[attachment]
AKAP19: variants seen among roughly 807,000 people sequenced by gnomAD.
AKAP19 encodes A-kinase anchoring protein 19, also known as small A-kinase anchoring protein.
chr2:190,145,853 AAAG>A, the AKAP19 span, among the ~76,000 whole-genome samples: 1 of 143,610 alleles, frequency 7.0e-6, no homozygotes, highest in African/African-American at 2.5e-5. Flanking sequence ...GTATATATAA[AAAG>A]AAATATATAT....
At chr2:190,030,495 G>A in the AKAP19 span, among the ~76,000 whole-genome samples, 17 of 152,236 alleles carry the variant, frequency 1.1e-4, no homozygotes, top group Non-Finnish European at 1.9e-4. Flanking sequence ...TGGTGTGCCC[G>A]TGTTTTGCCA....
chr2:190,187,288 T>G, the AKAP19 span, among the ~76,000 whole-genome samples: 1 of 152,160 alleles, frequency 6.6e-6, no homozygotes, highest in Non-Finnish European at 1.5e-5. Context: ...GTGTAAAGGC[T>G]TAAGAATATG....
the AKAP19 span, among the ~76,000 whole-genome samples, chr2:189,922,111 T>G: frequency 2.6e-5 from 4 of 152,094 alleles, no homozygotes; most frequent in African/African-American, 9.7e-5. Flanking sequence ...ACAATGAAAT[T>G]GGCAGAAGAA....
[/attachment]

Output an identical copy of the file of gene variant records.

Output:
AKAP19: variants seen among roughly 807,000 people sequenced by gnomAD.
AKAP19 encodes A-kinase anchoring protein 19, also known as small A-kinase anchoring protein.
chr2:190,145,853 AAAG>A, the AKAP19 span, among the ~76,000 whole-genome samples: 1 of 143,610 alleles, frequency 7.0e-6, no homozygotes, highest in African/African-American at 2.5e-5. Flanking sequence ...GTATATATAA[AAAG>A]AAATATATAT....
At chr2:190,030,495 G>A in the AKAP19 span, among the ~76,000 whole-genome samples, 17 of 152,236 alleles carry the variant, frequency 1.1e-4, no homozygotes, top group Non-Finnish European at 1.9e-4. Flanking sequence ...TGGTGTGCCC[G>A]TGTTTTGCCA....
chr2:190,187,288 T>G, the AKAP19 span, among the ~76,000 whole-genome samples: 1 of 152,160 alleles, frequency 6.6e-6, no homozygotes, highest in Non-Finnish European at 1.5e-5. Context: ...GTGTAAAGGC[T>G]TAAGAATATG....
the AKAP19 span, among the ~76,000 whole-genome samples, chr2:189,922,111 T>G: frequency 2.6e-5 from 4 of 152,094 alleles, no homozygotes; most frequent in African/African-American, 9.7e-5. Flanking sequence ...ACAATGAAAT[T>G]GGCAGAAGAA....